By Paul Gable
A surprising crowd of approximately 500 people came to see Mitt Romney and Gov. Nikki Haley at the Horry-Georgetown Technical College campus in Myrtle Beach Saturday.
On the weekend before Christmas and with only one day advance notice, the enthusiastic turnout may demonstrate a turn in Romney’s support in South Carolina. He has been trailing Newt Gingrich by double digit polls recently conducted in the state.
Some in the crowd, however, were just drawn by the opportunity to see a presidential candidate. At least six attendees told this reporter they were relatively solid in their support for Gingrich and one couple supporting Obama came to see Romney.
However, many Romney supporters were present and others, still trying to make up their minds, wanted to hear Romney’s position on issues.
Leading off the event was Romney’s wife Ann who told the crowd about the Mitt Romney she knows. Without mentioning Gingrich, she quickly took a jab at Gingrich’s personal baggage.
“We were high school sweethearts and are still in love 42 years later with five sons, five daughters-in-law and 16 grandchildren,” said Ann Romney. “I have seen Mitt as a husband, father, businessman and governor. America is going in the wrong direction. We don’t like it and we want to change it.”
Gov. Haley said she came to her decision to endorse Romney because the hardest job she faces as governor is dealing with the federal government.
“Our biggest issues are jobs, the economy and spending,” said Haley. “The biggest problem I deal with every day is dealing with the federal government. I decided I would not endorse anybody with ties to Washington (D.C.).”
This election is not about what we say, but about what we do,” said Haley, also taking a swipe at Gingrich.
“Gov. Romney turned around an underachieving business, an Olympics in disarray and balanced the budget in Massachusetts,” Haley continued. “Gov. Romney is the only one Obama hits over and over. He is the one that can win.”
Romney told the crowd he learned his love of America from his parents and the family trips they took to see the country.
“I don’t believe President Obama understands what makes our country strong,” said Romney. “It is not government telling us what to do but an America that allows us to be free to pursue our own passions. It is free people, not big government that makes us strong.”
Putting forth his conservative credentials, Romney said it was immoral for American citizens to pass off to the next generations a huge debt that can’t be paid off. Romney also said it was not time to cut the defense budget. He proposed increasing defense spending, increasing the number of active duty troops and increasing the number of Navy ships.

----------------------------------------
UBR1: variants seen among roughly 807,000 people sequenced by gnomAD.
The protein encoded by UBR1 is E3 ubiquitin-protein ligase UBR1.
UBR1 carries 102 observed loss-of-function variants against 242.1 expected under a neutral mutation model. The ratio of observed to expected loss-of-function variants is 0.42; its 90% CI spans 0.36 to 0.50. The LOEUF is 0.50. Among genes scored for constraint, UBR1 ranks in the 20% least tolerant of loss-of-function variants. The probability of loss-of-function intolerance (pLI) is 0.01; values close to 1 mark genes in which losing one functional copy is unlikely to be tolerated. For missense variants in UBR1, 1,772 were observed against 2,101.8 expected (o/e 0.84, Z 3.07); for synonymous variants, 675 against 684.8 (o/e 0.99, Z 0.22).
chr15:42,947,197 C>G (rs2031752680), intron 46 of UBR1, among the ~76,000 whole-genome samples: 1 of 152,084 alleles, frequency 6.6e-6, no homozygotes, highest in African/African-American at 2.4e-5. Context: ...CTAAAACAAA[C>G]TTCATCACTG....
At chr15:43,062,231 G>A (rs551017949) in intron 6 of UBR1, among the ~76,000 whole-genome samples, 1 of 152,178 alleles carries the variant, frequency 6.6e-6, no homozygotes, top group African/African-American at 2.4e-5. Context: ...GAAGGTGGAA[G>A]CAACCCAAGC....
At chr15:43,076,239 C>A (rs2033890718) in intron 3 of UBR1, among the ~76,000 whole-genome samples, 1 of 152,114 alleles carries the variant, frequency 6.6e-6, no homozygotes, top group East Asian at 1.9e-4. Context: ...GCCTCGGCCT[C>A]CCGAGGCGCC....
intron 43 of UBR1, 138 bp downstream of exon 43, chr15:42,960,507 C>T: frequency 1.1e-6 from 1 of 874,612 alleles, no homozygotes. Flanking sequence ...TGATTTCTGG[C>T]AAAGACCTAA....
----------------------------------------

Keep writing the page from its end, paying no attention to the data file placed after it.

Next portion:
However, answering a question of whether he regretted passing “Romney Care” , a reference to the comprehensive healthcare legislation passed in Massachusetts when he was governor, Romney said, “I am proud of what we did in Massachusetts and don’t regret it.”
Following up, Romney said the legislation was aimed at those Massachusetts citizens who refused to buy healthcare and used the hospital emergency rooms to provide “free” care when they needed it.
“People were using emergency rooms for free,” Romney said. “What we came up with wasn’t perfect, but I don’t regret it.”
He said his first day in office he would take action to repeal “Obama Care” and he hopes the Supreme Court will rule the legislation unconstitutional.
One of the constitutional questions the Supreme Court will consider in this term is whether it is unconstitutional to require all American citizens to purchase healthcare, exactly the same provision the Massachusetts law requires.
However, Romney moved away from Tea Party principles when he told the crowd, mostly of retirees who moved to the area from other states, that Medicare, Medicaid and Social Security provided a safety net for Americans.
“We have to make sure that Medicare is there for not only today’s retirees but also future retirees, those in their 20’s now,” Romney said. “We have to make sure the safety net is repaired and in place. It it time for us to care for our fellow men and women.”
Later, on a question of compromise in Washington, Romney said he thought there was common ground that could be found among Republicans and Democrats on some issues.
He said action needed to be taken to make the country independent from foreign oil, a refrain that has emanated from successive administrations since Richard Nixon’s presidency. Romney said education was the responsibility of the states and that illegal immigrants needed to be sent home.
“I would build a fence on our borders and hire enough agents to secure the fence,” Romney said. “We need to crack down on employers who hire illegals and there should be no special pathway to becoming legal to those illegals currently in our country.”
Summing up his qualifications, Romney said, “I believe if we have a leader who will draw on the patriotism of the American people and who will lead, we can overcome (the problems the nation faces today).”
Some of Romney’s message was targeted at the conservatism of South Carolina, some seemed to veer away from it. Whether Haley’s endorsement will help Romney cut into the Gingrich lead will be known in a month when the South Carolina presidential primary is held January 21, 2012. The size of the crowd Saturday, however, is a reason for optimism in the Romney camp.